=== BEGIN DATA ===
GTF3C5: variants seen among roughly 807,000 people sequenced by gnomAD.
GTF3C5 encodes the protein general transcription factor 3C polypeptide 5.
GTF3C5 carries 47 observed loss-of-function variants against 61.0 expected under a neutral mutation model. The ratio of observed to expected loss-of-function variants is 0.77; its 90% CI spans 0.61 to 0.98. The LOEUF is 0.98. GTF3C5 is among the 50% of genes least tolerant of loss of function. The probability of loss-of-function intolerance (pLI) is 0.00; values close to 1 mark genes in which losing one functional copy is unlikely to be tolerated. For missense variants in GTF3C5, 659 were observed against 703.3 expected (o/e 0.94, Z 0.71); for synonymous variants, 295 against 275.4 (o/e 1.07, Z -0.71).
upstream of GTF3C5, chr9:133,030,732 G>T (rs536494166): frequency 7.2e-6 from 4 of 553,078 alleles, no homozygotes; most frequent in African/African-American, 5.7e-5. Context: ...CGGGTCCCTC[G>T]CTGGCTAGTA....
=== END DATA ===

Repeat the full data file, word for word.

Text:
GTF3C5: variants seen among roughly 807,000 people sequenced by gnomAD.
GTF3C5 encodes the protein general transcription factor 3C polypeptide 5.
GTF3C5 carries 47 observed loss-of-function variants against 61.0 expected under a neutral mutation model. The ratio of observed to expected loss-of-function variants is 0.77; its 90% CI spans 0.61 to 0.98. The LOEUF is 0.98. GTF3C5 is among the 50% of genes least tolerant of loss of function. The probability of loss-of-function intolerance (pLI) is 0.00; values close to 1 mark genes in which losing one functional copy is unlikely to be tolerated. For missense variants in GTF3C5, 659 were observed against 703.3 expected (o/e 0.94, Z 0.71); for synonymous variants, 295 against 275.4 (o/e 1.07, Z -0.71).
upstream of GTF3C5, chr9:133,030,732 G>T (rs536494166): frequency 7.2e-6 from 4 of 553,078 alleles, no homozygotes; most frequent in African/African-American, 5.7e-5. Context: ...CGGGTCCCTC[G>T]CTGGCTAGTA....